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Prehistory

Malaysia lies in an area which has yielded some of the earliest pre-human and human fossils known to man. Evidence of the presence of man goes back as far as 40,000 to 50,000 years. Excavations in the Niah Caves in Sarawak suggest the existence of highly active Stone Age peoples. The Malay Peninsula formed one of the routes south traveled by the prehistoric peoples who settled in Indonesia, Melanesia and Australia. Although Borneo was situated off tbe main path of human migration, it experienced about the same waves of migrants as the mainland, but perhaps at a lesser intensity.

In both Malaya and Borneo, short, dark-skinned, frizzy-haired Negritos were followed by Ainoids, so called because of their likeness to tbe Ainu, the non-Japanese aborigines of Hokkaido. The third hunting-gathering people to come were the Veddoids, then- physical appearance resembling the aboriginal Vedda of southern India. All three of these Stone Age peoples intermixed, but the Negroid element remained dominant.

Later, perhaps little before 2,000 BC, new peoples of possible Caucasoid stock migrated from the north and intermingled with Mongoloids resembling the present southern Chinese. The resulting mixture produced the type known as proto-Malay. The proto- Malay were farmers and had domesticated animals. They brought with them a technology of bamboo and stone implements. Primitive rice farmers, employing stone tools and the dibble, cleared the land for cultivation by burning and moved onto new sites when the soil lost its fertility. These same methods of shifting agriculture, only slightly modernized, continue in use in remote spots on the Peninsula and in parts of Borneo.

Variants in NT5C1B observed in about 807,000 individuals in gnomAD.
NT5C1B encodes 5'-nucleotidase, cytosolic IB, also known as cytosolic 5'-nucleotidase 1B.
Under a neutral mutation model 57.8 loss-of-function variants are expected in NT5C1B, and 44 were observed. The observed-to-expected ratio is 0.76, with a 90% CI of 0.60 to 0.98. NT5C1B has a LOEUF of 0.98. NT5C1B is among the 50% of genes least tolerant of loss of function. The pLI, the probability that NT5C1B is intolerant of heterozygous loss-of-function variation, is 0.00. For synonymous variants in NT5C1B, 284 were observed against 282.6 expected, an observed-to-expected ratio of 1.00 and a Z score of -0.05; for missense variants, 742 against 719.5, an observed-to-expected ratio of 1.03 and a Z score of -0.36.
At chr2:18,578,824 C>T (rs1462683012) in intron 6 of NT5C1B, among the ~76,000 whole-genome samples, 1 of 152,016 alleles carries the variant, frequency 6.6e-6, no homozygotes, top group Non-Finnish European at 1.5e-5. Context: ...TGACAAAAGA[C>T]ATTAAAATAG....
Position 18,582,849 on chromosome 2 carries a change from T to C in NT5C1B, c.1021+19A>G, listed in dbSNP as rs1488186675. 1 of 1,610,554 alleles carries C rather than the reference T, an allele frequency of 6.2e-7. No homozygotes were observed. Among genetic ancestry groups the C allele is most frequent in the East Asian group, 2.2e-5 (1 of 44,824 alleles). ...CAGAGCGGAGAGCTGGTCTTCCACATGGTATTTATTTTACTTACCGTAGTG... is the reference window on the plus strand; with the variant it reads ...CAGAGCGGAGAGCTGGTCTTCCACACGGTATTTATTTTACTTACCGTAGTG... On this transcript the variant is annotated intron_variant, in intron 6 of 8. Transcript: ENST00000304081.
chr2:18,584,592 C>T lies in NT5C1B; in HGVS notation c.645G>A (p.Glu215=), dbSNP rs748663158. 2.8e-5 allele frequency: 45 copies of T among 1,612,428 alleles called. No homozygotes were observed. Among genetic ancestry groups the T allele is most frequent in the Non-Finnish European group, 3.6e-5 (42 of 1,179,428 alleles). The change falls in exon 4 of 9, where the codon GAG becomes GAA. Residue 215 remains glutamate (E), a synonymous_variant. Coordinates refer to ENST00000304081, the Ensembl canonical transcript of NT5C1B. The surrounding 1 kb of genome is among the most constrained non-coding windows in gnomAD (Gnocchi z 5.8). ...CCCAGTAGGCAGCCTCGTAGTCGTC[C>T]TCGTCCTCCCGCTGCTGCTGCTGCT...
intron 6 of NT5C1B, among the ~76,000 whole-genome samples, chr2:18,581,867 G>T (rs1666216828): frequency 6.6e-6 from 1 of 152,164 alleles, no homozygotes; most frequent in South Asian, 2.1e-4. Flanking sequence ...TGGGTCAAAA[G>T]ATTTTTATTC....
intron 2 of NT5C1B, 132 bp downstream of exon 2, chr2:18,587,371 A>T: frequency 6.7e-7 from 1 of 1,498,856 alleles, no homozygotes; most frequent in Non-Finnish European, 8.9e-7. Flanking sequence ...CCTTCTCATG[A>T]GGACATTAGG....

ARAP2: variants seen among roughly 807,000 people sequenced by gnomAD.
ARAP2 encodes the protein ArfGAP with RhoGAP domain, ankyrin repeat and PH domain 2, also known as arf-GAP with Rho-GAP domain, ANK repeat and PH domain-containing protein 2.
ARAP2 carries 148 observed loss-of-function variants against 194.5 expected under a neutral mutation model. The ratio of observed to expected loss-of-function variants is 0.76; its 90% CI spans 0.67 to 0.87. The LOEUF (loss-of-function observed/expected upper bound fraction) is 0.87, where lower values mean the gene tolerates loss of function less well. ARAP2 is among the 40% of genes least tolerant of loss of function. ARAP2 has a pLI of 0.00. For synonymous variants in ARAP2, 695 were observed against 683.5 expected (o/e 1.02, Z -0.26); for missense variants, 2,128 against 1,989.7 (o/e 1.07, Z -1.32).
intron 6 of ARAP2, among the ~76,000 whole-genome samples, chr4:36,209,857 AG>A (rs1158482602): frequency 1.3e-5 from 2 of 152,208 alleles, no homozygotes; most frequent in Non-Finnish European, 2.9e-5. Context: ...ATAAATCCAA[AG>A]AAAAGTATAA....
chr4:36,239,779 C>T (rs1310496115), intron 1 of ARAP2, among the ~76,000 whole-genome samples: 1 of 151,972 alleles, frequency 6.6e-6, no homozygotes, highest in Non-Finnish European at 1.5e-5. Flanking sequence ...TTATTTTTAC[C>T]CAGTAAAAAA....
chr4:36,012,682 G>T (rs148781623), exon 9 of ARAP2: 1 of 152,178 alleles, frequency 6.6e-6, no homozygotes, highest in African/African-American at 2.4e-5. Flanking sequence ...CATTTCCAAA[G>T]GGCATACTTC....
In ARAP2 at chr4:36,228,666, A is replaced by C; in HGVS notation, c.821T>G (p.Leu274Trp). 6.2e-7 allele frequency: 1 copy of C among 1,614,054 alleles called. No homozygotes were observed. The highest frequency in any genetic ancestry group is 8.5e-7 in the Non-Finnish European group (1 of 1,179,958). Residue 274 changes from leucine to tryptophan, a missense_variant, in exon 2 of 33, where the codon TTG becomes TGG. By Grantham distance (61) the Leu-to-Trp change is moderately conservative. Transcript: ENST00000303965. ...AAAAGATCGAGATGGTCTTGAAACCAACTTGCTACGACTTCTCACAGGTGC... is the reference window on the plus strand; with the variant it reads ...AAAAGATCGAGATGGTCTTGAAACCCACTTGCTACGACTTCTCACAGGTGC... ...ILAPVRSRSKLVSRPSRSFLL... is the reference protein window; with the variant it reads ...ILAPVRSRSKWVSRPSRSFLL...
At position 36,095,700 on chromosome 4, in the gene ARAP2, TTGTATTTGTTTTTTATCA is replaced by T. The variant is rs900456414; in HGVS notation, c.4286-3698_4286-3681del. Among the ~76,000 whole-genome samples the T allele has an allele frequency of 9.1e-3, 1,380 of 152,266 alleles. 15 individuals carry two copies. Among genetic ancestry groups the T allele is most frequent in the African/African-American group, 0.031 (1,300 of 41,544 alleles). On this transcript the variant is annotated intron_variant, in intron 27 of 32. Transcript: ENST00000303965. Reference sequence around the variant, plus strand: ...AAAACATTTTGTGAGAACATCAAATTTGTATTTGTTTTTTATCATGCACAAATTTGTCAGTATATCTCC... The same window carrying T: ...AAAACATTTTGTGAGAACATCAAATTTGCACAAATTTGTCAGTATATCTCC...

This civilization on the Peninsula, which produced fashionable ornaments and decorative pottery and which had some knowledge of ocean navigation, came in contact with Indian and Chinese traders 2 or 3 centuries before the beginning of the Christian era. On Borneo, Malays proper, more Mongoloid in appearance than the proto-Malay, were among the contemporary migrants representing initially the Indonesian Hindu and Buddhist empires. The Chinese began trade with Sarawak and Sabah around the sixth or seventh centuries AD, followed by Arab and Moslem Malays who brought Islam in about the fourteenth century AD. Of these latter entrants the Malays are distinguished as a group from other indigenous peoples mainly on the basis of religion and cultural pattern; thus, the present-day Malay proper in Borneo are descended from immigrants from Sumatra, the Malay Peninsula, Arabs and the indigenous peoples who accepted Islam and intermarried with the Malay immigrants. Stone implements and early iron tools from prehistoric times sometimes appear on the banks of Malay's rivers after floods. The villagers believe that these have magic properties, and in earlier times a Malay ruler's kris (dagger) was considered exceptionally strong if its blade included some iron from an ancient tool.



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